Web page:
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The Northwest Personal Watercraft Safety Project has developed the following code of ethics for craft owners and users. Dealers and salespeople are expected to have purchasers read and sign the code and give them a copy. It says they will:
Respect the rights of all users of recreational waterways.
Be considerate of other users at boat launch ramps and docks.
Follow the navigation ``rules of the road'' around all other vessels, including regulations prohibiting wake-jumping.
Give all anchored or drifting vessels plenty of room.
Operate at headway speed in ``no wake'' zones.
Be especially aware of swimmers, divers and other craft when approaching shore.
Not disturb wildlife and avoid areas posted for the protection of wildlife.
Not litter the shore or be careless with fuel or oil.
Volunteer assistance in case of emergency.
Base speed on equipment, ability, weather, wave conditions and other vessel traffic.
Pay close attention to noise produced and be aware of how others react.
Personal watercraft advocates are touring the state to make waves about efforts to restrict their use.
The advocates are trying to update the image some have of the craft commonly known by brand names such as Jet Ski and Sea-Doo.
``Most people have an image of a 16-year-old kid, out there screwing around and jumping waves,'' said Stephan Andranian, government affairs manager of the International Jet Sports Boating Association, which supports safe operation practices.
``In Alaska most people use personal watercraft for long-distance touring,'' Andranian said. In Anchorage, for example, he met owners who tour from Whittier to Valdez, camping along the way.
Andranian said the jet sports association wanted to let Alaskans know watercraft advocates are making an effort to solve problems such as noise and disruptive use.
``We plan to be pro-active to solve these problems,'' Andranian said.
Janice Plessner, public affairs supervisor of Kawasaki Motors Corp. USA of Irvine, Calif., accompanied Andranian on visits to Anchorage and Juneau this week. She and Andranian buttonholed legislators and recreational boaters about new watercraft technologies and codes of safety.
Personal watercraft are defined by the industry as water vehicles with engines, without propellers and ridden astride. The U.S. Coast Guard classifies them as inboard motor boats.
The industry has had tremendous growth since its birth in the 1970s, Plessner said, reaching peak annual sales of about 200,000 machines five years ago. In the past two years, sales have dropped to about 100,000.
About 1,300 Alaskans own personal watercraft, Plessner said, for a total of about 1,600 machines in the state.
John King of Seattle, project director for the Northwest Personal Watercraft Safety Project, said the joint visit was to fend off ``a small but vocal minority in Homer'' attempting to ban jet skis on Kachemak Bay.
Homer City Clerk Mary Calhoun said the Kenai Peninsula community's city council passed a resolution Nov. 22 urging the state to prohibit personal watercraft in nearby Kachemak Bay and Fox River Flats.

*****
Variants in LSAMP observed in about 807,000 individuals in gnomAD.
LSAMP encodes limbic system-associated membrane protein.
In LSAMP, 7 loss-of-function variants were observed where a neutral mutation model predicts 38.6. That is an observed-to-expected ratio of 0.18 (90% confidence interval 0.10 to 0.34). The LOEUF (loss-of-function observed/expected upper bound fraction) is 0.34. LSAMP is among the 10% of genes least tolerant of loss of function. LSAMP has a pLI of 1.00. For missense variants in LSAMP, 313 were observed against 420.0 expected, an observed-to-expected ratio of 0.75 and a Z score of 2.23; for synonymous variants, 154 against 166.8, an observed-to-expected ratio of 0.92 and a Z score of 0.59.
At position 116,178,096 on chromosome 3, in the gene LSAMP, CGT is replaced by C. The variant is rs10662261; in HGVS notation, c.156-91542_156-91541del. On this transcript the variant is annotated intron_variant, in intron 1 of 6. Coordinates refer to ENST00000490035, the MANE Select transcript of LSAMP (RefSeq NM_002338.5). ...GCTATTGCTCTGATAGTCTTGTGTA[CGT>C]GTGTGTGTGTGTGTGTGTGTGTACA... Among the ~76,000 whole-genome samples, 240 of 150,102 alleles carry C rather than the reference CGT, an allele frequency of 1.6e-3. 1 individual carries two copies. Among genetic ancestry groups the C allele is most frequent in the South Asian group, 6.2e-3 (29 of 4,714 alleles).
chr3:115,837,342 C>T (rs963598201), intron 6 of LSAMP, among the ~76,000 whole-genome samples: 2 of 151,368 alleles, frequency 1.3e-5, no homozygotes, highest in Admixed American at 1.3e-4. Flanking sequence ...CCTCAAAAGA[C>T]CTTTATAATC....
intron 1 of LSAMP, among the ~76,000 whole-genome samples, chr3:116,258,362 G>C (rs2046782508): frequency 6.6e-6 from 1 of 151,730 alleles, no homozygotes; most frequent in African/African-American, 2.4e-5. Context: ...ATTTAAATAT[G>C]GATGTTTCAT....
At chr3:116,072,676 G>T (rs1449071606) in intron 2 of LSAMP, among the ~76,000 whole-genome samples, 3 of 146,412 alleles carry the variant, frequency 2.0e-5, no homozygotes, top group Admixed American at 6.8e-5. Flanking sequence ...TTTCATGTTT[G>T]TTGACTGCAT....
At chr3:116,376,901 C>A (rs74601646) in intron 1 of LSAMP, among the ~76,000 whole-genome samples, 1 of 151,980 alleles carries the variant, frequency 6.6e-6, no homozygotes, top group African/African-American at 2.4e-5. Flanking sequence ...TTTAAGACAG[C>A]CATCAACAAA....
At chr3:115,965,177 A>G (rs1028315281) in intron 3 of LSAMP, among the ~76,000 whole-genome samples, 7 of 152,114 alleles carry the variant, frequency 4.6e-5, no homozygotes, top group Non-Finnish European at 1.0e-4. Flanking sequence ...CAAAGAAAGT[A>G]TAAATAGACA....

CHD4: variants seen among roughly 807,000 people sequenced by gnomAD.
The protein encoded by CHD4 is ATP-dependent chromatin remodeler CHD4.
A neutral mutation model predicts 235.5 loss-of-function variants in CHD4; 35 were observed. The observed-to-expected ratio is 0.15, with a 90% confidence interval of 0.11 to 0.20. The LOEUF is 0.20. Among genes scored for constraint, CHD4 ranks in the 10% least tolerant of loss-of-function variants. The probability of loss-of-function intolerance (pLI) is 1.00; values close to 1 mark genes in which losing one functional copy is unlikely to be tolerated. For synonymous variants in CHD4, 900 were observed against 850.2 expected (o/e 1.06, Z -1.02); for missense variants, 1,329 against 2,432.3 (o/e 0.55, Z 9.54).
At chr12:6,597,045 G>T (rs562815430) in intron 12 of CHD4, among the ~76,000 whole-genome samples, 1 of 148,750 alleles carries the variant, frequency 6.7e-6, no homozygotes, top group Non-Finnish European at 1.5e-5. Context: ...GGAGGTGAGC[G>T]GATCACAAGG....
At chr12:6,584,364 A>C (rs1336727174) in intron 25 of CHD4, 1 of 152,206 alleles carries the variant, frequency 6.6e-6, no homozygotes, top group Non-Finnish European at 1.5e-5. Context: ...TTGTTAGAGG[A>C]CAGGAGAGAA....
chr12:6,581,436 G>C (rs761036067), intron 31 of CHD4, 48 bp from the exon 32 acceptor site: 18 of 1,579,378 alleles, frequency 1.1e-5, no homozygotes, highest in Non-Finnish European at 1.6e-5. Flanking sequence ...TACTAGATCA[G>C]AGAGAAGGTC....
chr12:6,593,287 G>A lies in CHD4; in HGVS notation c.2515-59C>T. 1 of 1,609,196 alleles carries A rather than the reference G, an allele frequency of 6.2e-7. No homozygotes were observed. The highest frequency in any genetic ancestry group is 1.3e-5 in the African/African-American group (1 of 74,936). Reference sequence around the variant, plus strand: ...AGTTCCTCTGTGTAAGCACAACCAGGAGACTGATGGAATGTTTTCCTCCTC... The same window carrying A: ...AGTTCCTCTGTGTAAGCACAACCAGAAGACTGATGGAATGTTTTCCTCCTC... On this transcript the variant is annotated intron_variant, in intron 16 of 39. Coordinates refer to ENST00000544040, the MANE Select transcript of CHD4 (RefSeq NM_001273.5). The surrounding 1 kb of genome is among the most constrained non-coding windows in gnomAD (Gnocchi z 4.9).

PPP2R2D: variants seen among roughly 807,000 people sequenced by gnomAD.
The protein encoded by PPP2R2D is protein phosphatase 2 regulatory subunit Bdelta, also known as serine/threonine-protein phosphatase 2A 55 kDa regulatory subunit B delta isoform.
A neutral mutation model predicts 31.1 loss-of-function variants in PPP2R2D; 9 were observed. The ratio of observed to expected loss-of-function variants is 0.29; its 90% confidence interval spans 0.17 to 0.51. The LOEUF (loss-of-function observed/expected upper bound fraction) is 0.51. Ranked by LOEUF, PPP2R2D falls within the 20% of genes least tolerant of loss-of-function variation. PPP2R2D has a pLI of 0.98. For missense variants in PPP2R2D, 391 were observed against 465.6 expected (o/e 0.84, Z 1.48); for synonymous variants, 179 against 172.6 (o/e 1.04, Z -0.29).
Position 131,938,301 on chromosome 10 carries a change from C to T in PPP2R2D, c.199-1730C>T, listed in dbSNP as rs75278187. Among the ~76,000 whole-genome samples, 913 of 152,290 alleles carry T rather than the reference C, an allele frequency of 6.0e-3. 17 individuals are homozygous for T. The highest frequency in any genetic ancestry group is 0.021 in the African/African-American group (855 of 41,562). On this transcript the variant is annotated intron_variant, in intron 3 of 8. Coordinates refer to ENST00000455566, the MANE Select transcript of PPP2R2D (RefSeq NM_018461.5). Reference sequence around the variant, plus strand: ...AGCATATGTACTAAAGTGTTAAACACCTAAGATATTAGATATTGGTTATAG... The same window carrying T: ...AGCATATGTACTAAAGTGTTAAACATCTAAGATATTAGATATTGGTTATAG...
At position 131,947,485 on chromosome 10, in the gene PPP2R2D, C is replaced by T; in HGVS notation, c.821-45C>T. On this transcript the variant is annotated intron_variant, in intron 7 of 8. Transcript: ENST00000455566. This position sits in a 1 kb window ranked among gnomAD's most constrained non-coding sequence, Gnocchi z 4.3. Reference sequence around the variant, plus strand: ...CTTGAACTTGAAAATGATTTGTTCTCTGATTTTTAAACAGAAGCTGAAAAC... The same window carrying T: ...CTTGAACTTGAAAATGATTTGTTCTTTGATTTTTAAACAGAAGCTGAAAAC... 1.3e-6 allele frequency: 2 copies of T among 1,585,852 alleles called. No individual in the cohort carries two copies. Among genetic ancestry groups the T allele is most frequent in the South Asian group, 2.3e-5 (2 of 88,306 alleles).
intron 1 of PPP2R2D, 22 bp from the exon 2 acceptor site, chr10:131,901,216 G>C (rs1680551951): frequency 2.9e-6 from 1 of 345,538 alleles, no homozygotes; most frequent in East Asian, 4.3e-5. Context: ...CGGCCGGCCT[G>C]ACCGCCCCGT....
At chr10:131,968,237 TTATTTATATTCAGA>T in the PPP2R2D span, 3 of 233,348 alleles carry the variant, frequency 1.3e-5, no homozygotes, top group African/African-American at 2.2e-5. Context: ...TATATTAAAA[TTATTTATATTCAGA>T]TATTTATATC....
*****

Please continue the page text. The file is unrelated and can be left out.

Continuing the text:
``Both sides are vocal,'' Calhoun said.
Public meetings on the subject were arranged by the state Department of Fish and Game. Habitat Biologist Claudia Slater said she is still tallying the 300 to 400 written or verbal comments gathered, but opinions so far are running 3-1 for a ban.
Andranian of the jet sports association said that's the wrong approach.
``I don't think bans are the most reasonable approach to things,'' he said. ``Let's try some education first and see how things go from there.''
Plessner said some of the problems blamed on personal watercraft are being solved with technological improvements.
``We're paying attention to Environmental Protection Agency regulations that went into effect two years ago requiring lower emissions from all two-stroke engines, including outboards,'' Plessner said.
New watercraft use a direct-injection engine with a computercontrolled ignition system, resulting in better fuel efficiency, quieter operation and lower emissions, she said.
All new personal watercraft are being manufactured to meet a Washington state noise law, Plessner said. The law requires craft noise to be run below 75 decibels, about the same level as a vacuum cleaner
Alaska does not have a statewide law specifically addressing personal watercraft.
``Under existing laws they are considered boats,'' said Jeff Johnson, boat law administrator with the state Division of Parks and Outdoor Recreation.
Several resource management agencies - such as the National Park Service - have regulations bearing on particular areas. Some of these regulations address habitat issues, Johnson said.
A bill dealing with personal watercraft safety was introduced Oct. 25 in the U.S. House of Representatives.
U.S. Rep. Don Young, an Alaska Republican, had nothing to do with the measure, said Steve Hansen, Young's communications director.
``He is generally opposed to the concept of establishing national standards on watercraft. He believes standards should be established on a state-by-state basis,'' Hansen said.
More information about personal watercraft technology and safe operation is available through Personal Watercraft Industry Association website.